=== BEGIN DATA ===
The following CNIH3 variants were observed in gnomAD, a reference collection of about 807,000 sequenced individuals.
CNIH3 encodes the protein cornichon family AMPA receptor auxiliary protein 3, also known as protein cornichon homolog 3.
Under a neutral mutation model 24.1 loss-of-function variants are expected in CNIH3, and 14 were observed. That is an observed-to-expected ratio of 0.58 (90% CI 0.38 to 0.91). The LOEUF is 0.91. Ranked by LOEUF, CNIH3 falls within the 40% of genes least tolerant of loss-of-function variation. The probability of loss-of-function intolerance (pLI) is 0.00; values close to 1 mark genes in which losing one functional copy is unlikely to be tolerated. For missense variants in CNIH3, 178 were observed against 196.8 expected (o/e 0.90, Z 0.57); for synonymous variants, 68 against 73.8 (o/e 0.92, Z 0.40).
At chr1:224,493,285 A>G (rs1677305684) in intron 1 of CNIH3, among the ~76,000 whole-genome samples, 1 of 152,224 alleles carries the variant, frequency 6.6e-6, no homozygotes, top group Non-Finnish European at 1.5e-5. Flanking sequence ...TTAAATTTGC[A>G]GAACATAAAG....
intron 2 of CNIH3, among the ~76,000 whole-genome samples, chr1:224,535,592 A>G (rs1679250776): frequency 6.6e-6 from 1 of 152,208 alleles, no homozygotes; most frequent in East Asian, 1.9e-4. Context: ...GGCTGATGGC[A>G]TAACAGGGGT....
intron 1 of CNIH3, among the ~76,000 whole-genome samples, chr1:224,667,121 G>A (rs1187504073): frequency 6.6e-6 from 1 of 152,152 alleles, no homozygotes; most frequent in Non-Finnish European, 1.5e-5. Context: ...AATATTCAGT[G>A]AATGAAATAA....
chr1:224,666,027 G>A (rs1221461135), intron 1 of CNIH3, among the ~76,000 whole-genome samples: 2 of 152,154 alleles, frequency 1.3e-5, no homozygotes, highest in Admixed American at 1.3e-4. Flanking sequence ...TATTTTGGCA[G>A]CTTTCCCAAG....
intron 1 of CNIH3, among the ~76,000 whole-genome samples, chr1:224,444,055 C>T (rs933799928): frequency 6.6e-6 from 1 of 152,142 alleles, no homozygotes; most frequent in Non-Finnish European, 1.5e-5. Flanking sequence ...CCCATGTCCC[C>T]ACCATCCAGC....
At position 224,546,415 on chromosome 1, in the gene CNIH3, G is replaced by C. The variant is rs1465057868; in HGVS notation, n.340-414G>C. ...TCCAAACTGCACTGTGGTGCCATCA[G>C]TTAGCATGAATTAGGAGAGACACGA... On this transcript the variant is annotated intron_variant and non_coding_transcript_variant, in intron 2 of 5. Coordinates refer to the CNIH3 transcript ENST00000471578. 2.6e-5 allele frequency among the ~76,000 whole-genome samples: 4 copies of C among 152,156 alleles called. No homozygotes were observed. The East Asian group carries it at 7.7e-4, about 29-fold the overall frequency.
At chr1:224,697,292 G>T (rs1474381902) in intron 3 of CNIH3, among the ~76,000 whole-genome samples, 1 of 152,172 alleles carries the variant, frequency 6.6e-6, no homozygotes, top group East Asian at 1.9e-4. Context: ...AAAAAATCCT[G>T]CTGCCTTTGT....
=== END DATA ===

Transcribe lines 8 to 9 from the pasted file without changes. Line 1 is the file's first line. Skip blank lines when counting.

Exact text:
intron 1 of CNIH3, among the ~76,000 whole-genome samples, chr1:224,444,055 C>T (rs933799928): frequency 6.6e-6 from 1 of 152,142 alleles, no homozygotes; most frequent in Non-Finnish European, 1.5e-5. Flanking sequence ...CCCATGTCCC[C>T]ACCATCCAGC....
At position 224,546,415 on chromosome 1, in the gene CNIH3, G is replaced by C. The variant is rs1465057868; in HGVS notation, n.340-414G>C. ...TCCAAACTGCACTGTGGTGCCATCA[G>C]TTAGCATGAATTAGGAGAGACACGA... On this transcript the variant is annotated intron_variant and non_coding_transcript_variant, in intron 2 of 5. Coordinates refer to the CNIH3 transcript ENST00000471578. 2.6e-5 allele frequency among the ~76,000 whole-genome samples: 4 copies of C among 152,156 alleles called. No homozygotes were observed. The East Asian group carries it at 7.7e-4, about 29-fold the overall frequency.